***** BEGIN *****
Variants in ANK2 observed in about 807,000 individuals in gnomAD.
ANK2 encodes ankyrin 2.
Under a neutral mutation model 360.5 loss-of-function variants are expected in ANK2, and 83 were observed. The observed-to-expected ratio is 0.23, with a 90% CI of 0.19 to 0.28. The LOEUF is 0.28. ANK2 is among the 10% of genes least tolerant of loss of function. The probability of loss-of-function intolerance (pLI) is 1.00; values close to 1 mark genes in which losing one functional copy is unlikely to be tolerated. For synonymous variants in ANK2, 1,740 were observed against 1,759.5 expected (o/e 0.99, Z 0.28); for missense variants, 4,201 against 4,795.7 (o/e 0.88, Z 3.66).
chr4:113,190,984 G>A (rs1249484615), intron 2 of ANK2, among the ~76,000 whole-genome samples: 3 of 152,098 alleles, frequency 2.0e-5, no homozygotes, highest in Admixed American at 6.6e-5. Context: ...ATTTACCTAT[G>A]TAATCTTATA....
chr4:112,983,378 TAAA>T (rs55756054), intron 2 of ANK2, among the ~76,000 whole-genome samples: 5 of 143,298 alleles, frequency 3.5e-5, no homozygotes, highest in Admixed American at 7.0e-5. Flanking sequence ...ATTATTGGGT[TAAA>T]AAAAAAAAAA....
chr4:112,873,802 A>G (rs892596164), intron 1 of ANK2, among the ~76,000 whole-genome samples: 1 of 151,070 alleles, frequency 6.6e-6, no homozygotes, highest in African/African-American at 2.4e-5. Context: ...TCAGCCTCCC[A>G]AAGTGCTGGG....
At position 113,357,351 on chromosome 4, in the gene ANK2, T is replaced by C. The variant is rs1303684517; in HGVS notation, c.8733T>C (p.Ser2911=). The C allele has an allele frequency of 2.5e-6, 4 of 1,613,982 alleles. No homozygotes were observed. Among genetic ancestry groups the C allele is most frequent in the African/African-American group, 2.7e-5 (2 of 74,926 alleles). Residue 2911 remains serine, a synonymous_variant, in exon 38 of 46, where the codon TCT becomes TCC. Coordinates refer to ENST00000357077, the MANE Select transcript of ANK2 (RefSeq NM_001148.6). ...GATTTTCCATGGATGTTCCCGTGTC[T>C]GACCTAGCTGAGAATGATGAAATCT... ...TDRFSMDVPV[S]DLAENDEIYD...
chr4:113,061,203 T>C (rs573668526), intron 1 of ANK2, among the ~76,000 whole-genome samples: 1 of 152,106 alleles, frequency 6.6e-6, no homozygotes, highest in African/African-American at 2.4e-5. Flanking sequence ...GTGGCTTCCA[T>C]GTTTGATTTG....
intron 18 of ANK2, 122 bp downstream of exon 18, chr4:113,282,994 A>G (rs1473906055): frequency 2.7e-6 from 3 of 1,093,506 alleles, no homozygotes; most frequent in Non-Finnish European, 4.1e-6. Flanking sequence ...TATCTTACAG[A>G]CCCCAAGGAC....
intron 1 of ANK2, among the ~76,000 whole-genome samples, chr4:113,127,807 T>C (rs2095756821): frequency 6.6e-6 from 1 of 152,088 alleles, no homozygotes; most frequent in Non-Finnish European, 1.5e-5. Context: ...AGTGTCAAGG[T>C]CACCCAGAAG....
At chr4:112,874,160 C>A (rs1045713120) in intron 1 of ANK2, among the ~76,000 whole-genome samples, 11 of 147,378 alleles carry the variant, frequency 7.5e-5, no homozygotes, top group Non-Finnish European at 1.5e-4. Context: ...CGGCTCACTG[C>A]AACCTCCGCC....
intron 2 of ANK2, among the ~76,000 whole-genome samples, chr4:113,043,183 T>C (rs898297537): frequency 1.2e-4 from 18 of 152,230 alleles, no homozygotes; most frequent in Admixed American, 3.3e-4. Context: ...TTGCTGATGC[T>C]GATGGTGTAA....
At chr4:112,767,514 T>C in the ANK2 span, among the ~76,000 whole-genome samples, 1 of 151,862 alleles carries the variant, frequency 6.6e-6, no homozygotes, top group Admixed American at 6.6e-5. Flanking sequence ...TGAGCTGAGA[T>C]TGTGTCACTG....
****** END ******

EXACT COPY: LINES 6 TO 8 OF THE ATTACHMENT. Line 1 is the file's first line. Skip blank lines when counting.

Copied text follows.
chr4:112,873,802 A>G (rs892596164), intron 1 of ANK2, among the ~76,000 whole-genome samples: 1 of 151,070 alleles, frequency 6.6e-6, no homozygotes, highest in African/African-American at 2.4e-5. Context: ...TCAGCCTCCC[A>G]AAGTGCTGGG....
At position 113,357,351 on chromosome 4, in the gene ANK2, T is replaced by C. The variant is rs1303684517; in HGVS notation, c.8733T>C (p.Ser2911=). The C allele has an allele frequency of 2.5e-6, 4 of 1,613,982 alleles. No homozygotes were observed. Among genetic ancestry groups the C allele is most frequent in the African/African-American group, 2.7e-5 (2 of 74,926 alleles). Residue 2911 remains serine, a synonymous_variant, in exon 38 of 46, where the codon TCT becomes TCC. Coordinates refer to ENST00000357077, the MANE Select transcript of ANK2 (RefSeq NM_001148.6). ...GATTTTCCATGGATGTTCCCGTGTC[T>C]GACCTAGCTGAGAATGATGAAATCT... ...TDRFSMDVPV[S]DLAENDEIYD...
chr4:113,061,203 T>C (rs573668526), intron 1 of ANK2, among the ~76,000 whole-genome samples: 1 of 152,106 alleles, frequency 6.6e-6, no homozygotes, highest in African/African-American at 2.4e-5. Flanking sequence ...GTGGCTTCCA[T>C]GTTTGATTTG....